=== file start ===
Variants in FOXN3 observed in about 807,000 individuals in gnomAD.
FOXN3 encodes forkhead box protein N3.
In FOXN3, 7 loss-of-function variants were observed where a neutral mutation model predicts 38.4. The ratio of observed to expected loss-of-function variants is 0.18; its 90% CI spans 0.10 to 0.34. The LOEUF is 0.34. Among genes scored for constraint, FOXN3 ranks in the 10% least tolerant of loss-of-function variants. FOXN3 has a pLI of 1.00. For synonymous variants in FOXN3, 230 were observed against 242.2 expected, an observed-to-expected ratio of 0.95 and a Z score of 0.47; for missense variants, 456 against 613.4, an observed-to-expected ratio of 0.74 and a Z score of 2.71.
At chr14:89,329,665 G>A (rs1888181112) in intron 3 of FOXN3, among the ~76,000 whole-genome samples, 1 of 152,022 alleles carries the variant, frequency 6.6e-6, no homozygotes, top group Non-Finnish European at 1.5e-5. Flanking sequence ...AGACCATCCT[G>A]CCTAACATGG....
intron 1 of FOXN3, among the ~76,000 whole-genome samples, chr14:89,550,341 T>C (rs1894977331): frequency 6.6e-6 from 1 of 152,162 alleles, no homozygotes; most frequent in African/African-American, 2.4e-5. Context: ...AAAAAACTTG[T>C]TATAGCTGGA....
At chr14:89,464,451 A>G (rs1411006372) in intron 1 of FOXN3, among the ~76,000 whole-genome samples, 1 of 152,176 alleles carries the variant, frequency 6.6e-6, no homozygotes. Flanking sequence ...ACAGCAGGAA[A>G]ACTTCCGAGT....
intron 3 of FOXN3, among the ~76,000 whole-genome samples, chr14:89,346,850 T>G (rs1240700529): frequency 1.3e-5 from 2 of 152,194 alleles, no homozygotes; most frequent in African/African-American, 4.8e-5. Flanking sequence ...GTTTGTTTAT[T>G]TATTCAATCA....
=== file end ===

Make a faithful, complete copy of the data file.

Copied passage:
Variants in FOXN3 observed in about 807,000 individuals in gnomAD.
FOXN3 encodes forkhead box protein N3.
In FOXN3, 7 loss-of-function variants were observed where a neutral mutation model predicts 38.4. The ratio of observed to expected loss-of-function variants is 0.18; its 90% CI spans 0.10 to 0.34. The LOEUF is 0.34. Among genes scored for constraint, FOXN3 ranks in the 10% least tolerant of loss-of-function variants. FOXN3 has a pLI of 1.00. For synonymous variants in FOXN3, 230 were observed against 242.2 expected, an observed-to-expected ratio of 0.95 and a Z score of 0.47; for missense variants, 456 against 613.4, an observed-to-expected ratio of 0.74 and a Z score of 2.71.
At chr14:89,329,665 G>A (rs1888181112) in intron 3 of FOXN3, among the ~76,000 whole-genome samples, 1 of 152,022 alleles carries the variant, frequency 6.6e-6, no homozygotes, top group Non-Finnish European at 1.5e-5. Flanking sequence ...AGACCATCCT[G>A]CCTAACATGG....
intron 1 of FOXN3, among the ~76,000 whole-genome samples, chr14:89,550,341 T>C (rs1894977331): frequency 6.6e-6 from 1 of 152,162 alleles, no homozygotes; most frequent in African/African-American, 2.4e-5. Context: ...AAAAAACTTG[T>C]TATAGCTGGA....
At chr14:89,464,451 A>G (rs1411006372) in intron 1 of FOXN3, among the ~76,000 whole-genome samples, 1 of 152,176 alleles carries the variant, frequency 6.6e-6, no homozygotes. Flanking sequence ...ACAGCAGGAA[A>G]ACTTCCGAGT....
intron 3 of FOXN3, among the ~76,000 whole-genome samples, chr14:89,346,850 T>G (rs1240700529): frequency 1.3e-5 from 2 of 152,194 alleles, no homozygotes; most frequent in African/African-American, 4.8e-5. Flanking sequence ...GTTTGTTTAT[T>G]TATTCAATCA....